What do you start your day with? If you're like half the US population -- about 150 million Americans -- it's the first thing you reach for every morning.
No, it's not the alarm clock, or your toothbrush. And it's not breakfast. It's the coffee pot. Because, let's face it, that first cup of Joe is quite possibly the only thing that gets you out the door each day. Without it, most of us would be a groggy, grumpy mess.
But what about when you're not in the comfort of your own home to brew some fresh, nowhere near your morning latte pit stop, and miles from the closest Starbucks or Dunkin' Donuts? It's times like these when getting your daily caffeine fix isn't always easy -- or tasty.
Luckily, Miami's Jiva Coffee Cubes can fix that. The all-natural, 100 percent Columbian instant coffee start-up is currently being funded on Kickstarter, which means it may not be long before you see these portable, cube-shaped coffee blocks available at your local grocer or coffee shop.
All you need is a cup, some water -- hot or cold will do -- and a strong desire to ingest pure caffeine and sugar as quickly as possible...
Jiva Coffee Cubes was founded by Natalia Rodriguez in 2011. Born and raised in Miami, the half-Cuban, half-Colombian said her Latin roots helped foster a love of coffee at an early age; she's been drinking it since she was a toddler.
"I can remember the first time I tried coffee -- Cuban coffee," Rodriguez told Clean Plate Charlie. "I was four years old. And I've been hooked ever since."
The idea to create an instant cube of Colombian coffee came to Rodriguez while she was visiting her family with her mother and grandmother in Colombia a few years ago. The three women travelled to the family's hometown, a farming area in the northern state of Santander, also known as one of the country's most famous coffee-growing regions. There, in a small general store, Rodriguez found something that would change her life.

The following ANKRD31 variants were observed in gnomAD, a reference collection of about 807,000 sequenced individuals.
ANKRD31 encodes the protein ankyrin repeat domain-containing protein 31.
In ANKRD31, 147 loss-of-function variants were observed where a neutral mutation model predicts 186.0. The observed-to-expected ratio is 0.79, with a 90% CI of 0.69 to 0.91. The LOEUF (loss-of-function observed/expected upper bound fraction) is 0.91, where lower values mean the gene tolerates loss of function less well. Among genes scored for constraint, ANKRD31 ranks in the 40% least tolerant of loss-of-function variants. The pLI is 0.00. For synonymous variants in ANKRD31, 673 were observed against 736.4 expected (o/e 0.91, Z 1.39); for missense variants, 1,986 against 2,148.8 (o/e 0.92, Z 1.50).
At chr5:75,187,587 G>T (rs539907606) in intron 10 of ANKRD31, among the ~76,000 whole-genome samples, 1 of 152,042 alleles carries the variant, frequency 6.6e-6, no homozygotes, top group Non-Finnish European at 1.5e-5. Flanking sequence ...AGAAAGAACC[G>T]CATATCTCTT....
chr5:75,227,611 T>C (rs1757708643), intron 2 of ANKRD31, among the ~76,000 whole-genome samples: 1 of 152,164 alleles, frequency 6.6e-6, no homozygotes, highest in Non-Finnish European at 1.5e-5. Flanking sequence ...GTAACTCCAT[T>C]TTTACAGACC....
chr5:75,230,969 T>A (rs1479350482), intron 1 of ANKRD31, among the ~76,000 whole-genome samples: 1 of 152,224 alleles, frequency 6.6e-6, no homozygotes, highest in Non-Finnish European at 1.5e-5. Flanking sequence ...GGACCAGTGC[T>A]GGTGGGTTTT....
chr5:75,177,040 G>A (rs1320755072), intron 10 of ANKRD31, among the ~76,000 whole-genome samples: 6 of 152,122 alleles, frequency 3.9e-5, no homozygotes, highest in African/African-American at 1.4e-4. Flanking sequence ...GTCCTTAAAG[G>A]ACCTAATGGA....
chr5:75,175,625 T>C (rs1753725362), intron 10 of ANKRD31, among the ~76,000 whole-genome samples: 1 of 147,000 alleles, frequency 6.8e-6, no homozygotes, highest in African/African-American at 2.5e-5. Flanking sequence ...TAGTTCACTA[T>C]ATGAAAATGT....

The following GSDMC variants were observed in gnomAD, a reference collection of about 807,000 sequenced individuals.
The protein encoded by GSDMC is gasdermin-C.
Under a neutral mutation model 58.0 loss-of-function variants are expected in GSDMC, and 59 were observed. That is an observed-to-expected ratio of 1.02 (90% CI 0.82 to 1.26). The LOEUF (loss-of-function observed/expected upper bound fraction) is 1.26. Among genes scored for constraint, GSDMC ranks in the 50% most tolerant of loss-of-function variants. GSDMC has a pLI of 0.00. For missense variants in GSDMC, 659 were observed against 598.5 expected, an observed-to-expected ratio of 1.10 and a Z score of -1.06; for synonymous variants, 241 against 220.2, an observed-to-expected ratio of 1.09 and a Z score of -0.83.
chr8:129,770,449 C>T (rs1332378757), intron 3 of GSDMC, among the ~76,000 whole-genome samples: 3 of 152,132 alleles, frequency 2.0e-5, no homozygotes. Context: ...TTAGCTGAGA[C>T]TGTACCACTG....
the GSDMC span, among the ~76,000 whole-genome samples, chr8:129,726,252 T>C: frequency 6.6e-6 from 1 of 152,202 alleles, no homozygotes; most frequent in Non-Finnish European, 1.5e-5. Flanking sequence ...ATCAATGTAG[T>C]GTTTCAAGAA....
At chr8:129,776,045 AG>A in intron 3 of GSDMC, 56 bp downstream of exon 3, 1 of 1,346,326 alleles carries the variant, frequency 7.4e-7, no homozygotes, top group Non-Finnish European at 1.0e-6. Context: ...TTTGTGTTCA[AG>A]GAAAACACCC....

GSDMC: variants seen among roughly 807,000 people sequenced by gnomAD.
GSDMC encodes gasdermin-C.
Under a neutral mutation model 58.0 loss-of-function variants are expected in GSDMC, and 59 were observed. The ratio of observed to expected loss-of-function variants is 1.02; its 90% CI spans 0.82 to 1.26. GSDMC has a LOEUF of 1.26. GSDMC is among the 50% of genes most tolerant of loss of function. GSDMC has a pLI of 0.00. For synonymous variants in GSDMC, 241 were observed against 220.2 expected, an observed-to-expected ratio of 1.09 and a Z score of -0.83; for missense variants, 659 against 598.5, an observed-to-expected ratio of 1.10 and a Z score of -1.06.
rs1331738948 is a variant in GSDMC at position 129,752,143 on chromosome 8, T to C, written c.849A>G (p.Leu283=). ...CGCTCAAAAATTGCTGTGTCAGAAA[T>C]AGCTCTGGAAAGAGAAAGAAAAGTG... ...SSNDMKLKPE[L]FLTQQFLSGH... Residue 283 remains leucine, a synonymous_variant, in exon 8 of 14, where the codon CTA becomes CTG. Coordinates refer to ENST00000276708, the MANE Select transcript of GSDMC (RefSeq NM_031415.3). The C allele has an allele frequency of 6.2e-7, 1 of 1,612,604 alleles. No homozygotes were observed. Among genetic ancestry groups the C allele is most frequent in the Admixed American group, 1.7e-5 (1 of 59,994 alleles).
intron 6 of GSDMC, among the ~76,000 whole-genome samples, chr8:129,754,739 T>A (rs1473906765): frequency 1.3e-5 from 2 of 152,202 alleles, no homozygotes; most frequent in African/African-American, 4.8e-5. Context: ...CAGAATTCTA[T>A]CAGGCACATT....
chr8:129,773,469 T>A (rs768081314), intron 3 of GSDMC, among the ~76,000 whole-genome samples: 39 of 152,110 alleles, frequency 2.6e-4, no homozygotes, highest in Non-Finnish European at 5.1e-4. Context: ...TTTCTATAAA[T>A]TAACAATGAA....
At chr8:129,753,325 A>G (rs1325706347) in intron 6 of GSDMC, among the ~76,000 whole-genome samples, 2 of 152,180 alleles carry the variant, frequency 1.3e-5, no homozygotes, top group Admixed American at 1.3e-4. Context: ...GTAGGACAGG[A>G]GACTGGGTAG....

To learn more about Jiva, like them on Facebook and visit the company website. To become a sponsor, visit the Kickstarter page.
"While I was shopping something caught my eye. On a shelf I found a package that read 'café en cubos, cafe instantáneo endulcado con panela.' Even with my limited Spanish, I knew what it meant," said Rodriguez.
It meant instant coffee. Inside the wrapping: a small chunk of sugary-syrup and ground coffee beans formed together in the shape of a cube. As soon as she tasted it, Rodriguez knew the idea would be appealing to an American market -- even one that was already happy sipping fresh-brewed, artisanal coffees for close to $5 a cup.
That meant creating a versatile product in flavors like mocha, hazelnut and caramel, as well as a product that would appeal to the all-natural, fair trade and USDA organic certified crowd.
"Making an all-natural product that was free of preservatives was very important to us," said Rodriguez, who launched her first failed Kickstarter project in March of 2012. Rather than give up, she re-launched a few months later, this time with help from her current partner, Allen Gomberg. By the end of the three-month run, Jiva had over 600 backers, and the necessary $20,000 needed to begin production of Jiva Coffee Cubes in the company's Colombia-based warehouse.
To make Jiva, coffee beans are freeze-dried and crushed, which allows the flavors to be preserved into a sticky cube held together by a natural sweetener popular in Central and South American known as panela. The biggest difference between Jiva and other instant coffees: the ingredients, specifically the panela, an unrefined whole cane sugar, the end product of boiling and evaporating pure sugarcane juice.
As a result, Jiva does not use any chemical or artificial binders or preservatives. Jiva also sources beans from farmers affiliated with the Rainforest Alliance and ECO-Cert. The Don Marcos Coffee Farm that produces the beans used to make Jiva is also a part of the Kachalu Coffee Growers Association, said Rodriguez, a group of 14 families that are committed to producing a high quality coffee while preserving traceability and social responsibility.
Although Rodriguez has been able to establish her company with funds previously raised by Kickstarter, she and Gomberg returned for additional funding that will go towards purchasing a new packaging machine to expand product distribution both nationally and internationally. If funding is successful, the machine would make it possible for Jiva to increase production from just 15 boxes of 24 cubes packaged by hand each day, to about 250 cubes a minute.
"That would really help us to grow our sales to local retail buyers, and to international consumers. It would also allow us to produce more flavors," said Rodriguez. Currently, mocha and original-flavored Jiva cubes have been produced for product testing, but Rodriguez said she'd like to launch with several flavors including hazelnut, caramel, vanilla and amaretto. There are plans to role out an all-natural hot chocolate cube, as well.
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